Monday, October 18, 2004

Who owns the Learning Space?

One of the reasons we provide communication tools in learning environments is to encourage our students to play around with ideas and re-conceptualise the knowledge artefacts they encounter.

In a learner-centred environment we expect students to accept a great deal more ownership of their learning activities and to feel safe within the learning group. Indeed, in more contemporary e-learning environments like simulations, or WebQuests, we ask the students to assume a role and to argue a case from that role’s perspective.

As we move away from the idea of a teacher-centred model we shift the power and control towards the learner. Learners, encouraged by this power shift, begin to test their ideas and assert their view of the world in what they then perceive to be a safe environment—one where they can take risks without being exposed to all of the consequences. Online role-play simulation is one of the best examples of this kind of e-learning environment.

But what if that trust is compromised by those outside the learning space? How sacred are the students’ ideas and thoughts, and what of the learning facilitator?

Unfortunately, there is a growing trend across the world to view the virtual world as one that, because of ease of access, requires a lower level of ethical capital. Where most of us would feel violated if our personal mail was routinely opened and read by postal officers or colleagues at work, a different set of ethical values seem to apply to email. It is common practice now for supervisors and IT managers to have access to your email account—perhaps because it is easier and less detectable than physically opening one of your letters!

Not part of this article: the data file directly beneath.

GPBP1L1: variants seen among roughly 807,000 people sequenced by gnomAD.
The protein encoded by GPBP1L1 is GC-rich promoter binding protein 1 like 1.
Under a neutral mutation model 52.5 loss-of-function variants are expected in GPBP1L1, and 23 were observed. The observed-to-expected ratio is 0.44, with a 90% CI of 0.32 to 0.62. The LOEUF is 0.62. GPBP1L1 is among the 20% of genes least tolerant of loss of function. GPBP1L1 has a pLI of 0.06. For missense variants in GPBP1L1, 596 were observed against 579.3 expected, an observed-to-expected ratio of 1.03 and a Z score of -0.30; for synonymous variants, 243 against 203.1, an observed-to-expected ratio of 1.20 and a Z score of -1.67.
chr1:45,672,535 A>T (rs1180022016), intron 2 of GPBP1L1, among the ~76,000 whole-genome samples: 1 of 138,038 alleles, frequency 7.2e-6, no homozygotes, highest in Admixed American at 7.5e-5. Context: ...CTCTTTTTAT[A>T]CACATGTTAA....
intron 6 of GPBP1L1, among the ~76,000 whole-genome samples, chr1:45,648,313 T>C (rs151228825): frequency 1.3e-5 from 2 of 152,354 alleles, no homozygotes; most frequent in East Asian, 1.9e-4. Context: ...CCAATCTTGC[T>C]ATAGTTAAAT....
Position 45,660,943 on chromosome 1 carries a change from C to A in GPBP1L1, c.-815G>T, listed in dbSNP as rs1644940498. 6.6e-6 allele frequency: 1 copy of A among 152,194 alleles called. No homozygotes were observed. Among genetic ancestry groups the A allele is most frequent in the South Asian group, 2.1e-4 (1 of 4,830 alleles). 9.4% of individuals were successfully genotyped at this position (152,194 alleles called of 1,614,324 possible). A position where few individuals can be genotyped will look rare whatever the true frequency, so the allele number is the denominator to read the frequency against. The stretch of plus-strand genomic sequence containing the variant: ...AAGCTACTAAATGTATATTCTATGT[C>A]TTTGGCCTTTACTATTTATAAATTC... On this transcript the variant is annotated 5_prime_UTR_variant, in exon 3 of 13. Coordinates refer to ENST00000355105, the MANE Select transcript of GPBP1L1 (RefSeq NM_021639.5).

But what about the private learning spaces within online courses? You know, that sacred area where you students have come to trust you and their peers. Should that communication be open to the scrutiny by others? Would you as a teacher, be happy with full-time scrutiny of your face-to-face classes? Would you allow video cameras and microphones in your classroom to document yours and your student’s actions? I think not.

So what of others monitoring and perhaps assessing your course online interactions? What if this is covert? How would you be able to build the level of trust required for effective interaction if students and teachers suspected that their interactions would be logged and examined by a third party?

As is often the case, new communication technology raises critical ethical questions that take time and a willingness to address.

More soon,

Scot.

4 comments:

Alison said...

Scott - my -elearning students have people passing through the learning environment all the time. They don't have a fuss with it - they are kept in the picture. I don't have a problem with the scrutiny either as the teacher - I invite other teachers in often, to help them get a handle on what is happening, and the potential for online learning. It sounds like you are a little paranoid. Its great having other teachers dropping in and contributing to the ideas under discussion -

Scot said...

Hi Alison,

I guess there are a couple of issues here. Firstly, we attempt to create a supportive and safe learning space that encourages students to experiment and extend themselves. Scrutiny by others outside of your learning group may limit the degree to which this happens.